“Given Paulson’s record of using his position to advance his personal agenda should automatically disqualify him from granting him unprecedented power,” added Borelli. “Why should the country trust Paulson with his track record of using distressed debt to support his environmental hobby? If Paulson gave away shareholder assets to support his personal interests just imagine what he would do with the taxpayers’ property.”

In 2006, Borelli and Milloy sent a letter to then-Senate Finance Committee Chairman Charles Grassley (R-IA) and Ranking Member Max Baucus (D-MT) alerting them of a complaint the mutual fund they manage had filed with the U.S. Securities and Exchange Commission requesting “an investigation by the [SEC] Division of Enforcement into potentially false and misleading statements of material facts made by Goldman and its senior management relating to Goldman’s acquisition and disposition of certain real property…” (See:

Milloy and Borelli also have written a series of articles questioning some Paulson’s practices, including “Treasury Nominee Hank Paulson Needs to Answer Some Questions” (Steve Milloy, Human Events, 6/13/2006 at, “Hank Paulson Was Thrown Softballs” (Steve Milloy and Tom Borelli, Human Events, 7/03/2006, at, and “Treasury Nominee Is Ideologically, Ethically Challenged” (Steve Milloy, Human Events, 5/30/2006 , at

The government watchdog group National Legal and Policy Center has also questioned Paulson’s record in a series of documents available at

The Free Enterprise Project is a program of the National Center for Public Policy Research, a non-partisan think-tank established in 1982.

Paulson’s too busy trying to profit from the continuing decline to do significant charitable work now, though. Maybe he might become the next George Soros or Bill Gates after the denouement of this.

I sincerely pray it is not for love of money that these, and many like them, pursue these activities geared toward building of obscene wealth.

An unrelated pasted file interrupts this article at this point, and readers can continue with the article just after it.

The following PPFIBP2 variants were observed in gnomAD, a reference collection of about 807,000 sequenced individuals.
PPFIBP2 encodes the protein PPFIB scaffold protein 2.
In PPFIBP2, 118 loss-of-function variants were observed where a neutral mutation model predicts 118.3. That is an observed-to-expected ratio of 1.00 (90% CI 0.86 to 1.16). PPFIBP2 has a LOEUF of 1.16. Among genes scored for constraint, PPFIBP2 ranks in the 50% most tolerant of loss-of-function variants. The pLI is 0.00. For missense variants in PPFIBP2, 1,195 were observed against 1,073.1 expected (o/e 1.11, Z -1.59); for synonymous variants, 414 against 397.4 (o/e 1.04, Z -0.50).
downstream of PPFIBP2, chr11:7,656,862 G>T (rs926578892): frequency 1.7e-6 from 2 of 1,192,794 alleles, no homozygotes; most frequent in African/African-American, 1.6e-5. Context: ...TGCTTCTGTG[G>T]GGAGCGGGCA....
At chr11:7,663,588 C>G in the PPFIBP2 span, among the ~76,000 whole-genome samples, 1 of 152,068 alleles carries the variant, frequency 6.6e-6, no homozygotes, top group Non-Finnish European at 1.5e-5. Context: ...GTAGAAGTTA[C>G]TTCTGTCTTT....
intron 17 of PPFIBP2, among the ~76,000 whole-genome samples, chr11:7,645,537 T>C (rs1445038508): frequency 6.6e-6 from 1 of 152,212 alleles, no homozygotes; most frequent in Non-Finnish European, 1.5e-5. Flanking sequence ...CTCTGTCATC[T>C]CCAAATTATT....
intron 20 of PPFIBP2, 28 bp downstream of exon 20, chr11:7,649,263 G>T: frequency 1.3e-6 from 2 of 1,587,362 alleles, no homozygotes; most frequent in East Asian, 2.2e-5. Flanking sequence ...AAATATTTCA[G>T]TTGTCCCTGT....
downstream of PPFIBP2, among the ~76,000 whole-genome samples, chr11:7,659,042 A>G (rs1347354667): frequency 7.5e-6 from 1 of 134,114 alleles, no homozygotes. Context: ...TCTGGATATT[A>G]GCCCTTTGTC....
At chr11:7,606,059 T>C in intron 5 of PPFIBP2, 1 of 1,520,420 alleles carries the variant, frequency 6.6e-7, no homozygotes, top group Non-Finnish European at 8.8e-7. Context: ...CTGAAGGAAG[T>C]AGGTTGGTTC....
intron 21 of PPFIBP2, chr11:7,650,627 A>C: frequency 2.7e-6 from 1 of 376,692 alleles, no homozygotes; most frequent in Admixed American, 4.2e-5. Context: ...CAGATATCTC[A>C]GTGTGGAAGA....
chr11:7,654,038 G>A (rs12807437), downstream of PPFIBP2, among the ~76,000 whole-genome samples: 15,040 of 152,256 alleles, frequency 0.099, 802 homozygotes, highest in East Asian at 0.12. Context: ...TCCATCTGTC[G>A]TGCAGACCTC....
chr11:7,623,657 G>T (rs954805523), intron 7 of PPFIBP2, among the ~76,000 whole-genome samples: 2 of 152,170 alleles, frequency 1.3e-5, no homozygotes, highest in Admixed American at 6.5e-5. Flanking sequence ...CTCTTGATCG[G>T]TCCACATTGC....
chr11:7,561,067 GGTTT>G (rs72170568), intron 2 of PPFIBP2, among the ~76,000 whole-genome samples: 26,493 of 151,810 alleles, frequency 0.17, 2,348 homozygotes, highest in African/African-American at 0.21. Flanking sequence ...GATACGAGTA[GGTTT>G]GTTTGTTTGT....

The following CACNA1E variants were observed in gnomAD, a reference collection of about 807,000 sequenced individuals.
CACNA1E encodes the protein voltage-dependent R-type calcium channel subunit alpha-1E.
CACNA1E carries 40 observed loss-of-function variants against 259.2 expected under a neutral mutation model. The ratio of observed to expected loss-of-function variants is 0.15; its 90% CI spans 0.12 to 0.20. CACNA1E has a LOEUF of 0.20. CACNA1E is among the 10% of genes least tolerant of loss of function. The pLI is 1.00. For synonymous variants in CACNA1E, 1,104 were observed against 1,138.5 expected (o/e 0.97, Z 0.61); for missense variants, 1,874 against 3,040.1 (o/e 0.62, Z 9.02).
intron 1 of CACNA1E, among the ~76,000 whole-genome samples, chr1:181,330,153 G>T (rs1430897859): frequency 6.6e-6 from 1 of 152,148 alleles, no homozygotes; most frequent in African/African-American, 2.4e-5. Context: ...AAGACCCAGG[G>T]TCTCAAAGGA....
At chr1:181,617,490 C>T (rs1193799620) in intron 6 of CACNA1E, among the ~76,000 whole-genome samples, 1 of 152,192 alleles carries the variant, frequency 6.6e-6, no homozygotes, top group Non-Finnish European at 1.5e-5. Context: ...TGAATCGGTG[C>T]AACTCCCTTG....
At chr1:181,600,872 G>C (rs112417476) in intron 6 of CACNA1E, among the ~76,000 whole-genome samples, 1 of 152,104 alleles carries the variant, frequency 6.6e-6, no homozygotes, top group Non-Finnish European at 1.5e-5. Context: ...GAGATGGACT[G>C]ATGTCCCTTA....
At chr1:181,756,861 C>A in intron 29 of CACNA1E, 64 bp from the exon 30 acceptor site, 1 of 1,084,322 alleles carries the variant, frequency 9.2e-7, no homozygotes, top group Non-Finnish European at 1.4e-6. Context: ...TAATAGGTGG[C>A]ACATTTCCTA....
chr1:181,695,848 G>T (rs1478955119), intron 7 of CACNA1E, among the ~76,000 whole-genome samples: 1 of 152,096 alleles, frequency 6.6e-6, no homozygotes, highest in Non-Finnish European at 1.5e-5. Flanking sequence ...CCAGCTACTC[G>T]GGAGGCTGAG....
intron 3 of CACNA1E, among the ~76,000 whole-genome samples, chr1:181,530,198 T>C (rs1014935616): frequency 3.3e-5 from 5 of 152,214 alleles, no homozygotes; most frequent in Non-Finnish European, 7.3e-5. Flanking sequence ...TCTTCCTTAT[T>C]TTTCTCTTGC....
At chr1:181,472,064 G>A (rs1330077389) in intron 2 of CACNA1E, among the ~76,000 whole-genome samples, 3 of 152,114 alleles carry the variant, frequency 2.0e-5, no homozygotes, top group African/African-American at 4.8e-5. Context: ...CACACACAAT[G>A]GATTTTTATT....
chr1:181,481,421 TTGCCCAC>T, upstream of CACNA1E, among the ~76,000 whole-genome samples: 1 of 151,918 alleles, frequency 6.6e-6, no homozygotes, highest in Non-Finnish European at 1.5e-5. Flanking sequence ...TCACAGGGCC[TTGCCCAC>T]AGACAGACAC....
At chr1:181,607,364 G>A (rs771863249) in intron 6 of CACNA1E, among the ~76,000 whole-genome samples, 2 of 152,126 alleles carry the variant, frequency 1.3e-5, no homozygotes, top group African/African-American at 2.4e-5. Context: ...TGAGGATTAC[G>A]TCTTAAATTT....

Because if it is, knowing the pain they will endure for eternity is almost too terrible for me to think about. I would never wish this on my worst enemy.


John Paulson continues to turn bad news for the markets into good news for his investors.

Amid what might have been the worst-ever month for the hedge fund industry, Paulson & Co.’s Advantage Plus Fund added another 4.3%, Bloomberg News reports. The fund, which returned better than 150% last year—one of several Paulson hedge funds to post triple-digit returns in 2007, helping its assets under management to balloon to $35 billion—is now up 24.6% on the year.

Another Paulson fund, the Advantage Fund, is also enjoying positive, if more modest, returns amid the market carnage. It rose 1.58% last month and is up 15% on the year

Three of the most well-respected and successful hedge fund managers in the business are waving the white flag, in a sense.

Steven Cohen, Israel Englander and John Paulson are not riding the market turmoil, moving billion of dollars into cash during the ongoing financial monsoon. In recent days, Cohen has moved about half of SAC Capital Advisors’ $14 billion in assets into money-market funds and other short-term securities, according to The Wall Street Journal. Englander, whose Millennium Partners also manages $14 billion, has moved $6 billion into cash, while Paulson also has about 70% of his $35 billion Paulson & Co.’s assets in cash or cash equivalents.

What’s more, Cohen plans to stay out of the stock market until the end of the year, save for a small portfolio he personally trades, the Journal says.

The trio is part of an avalanche of about $400 billion in hedge fund assets recently moved into cash, according to Goldman Sachs. The sell-off by hedge funds contributed in part to the huge losses suffered by the stock market in recent weeks. Paul Tudor Jones of $18 billion Tudor Investment Corp. also made a big move into cash after watching the Mexican peso tumble at the beginning of the month, Bloomberg News reports.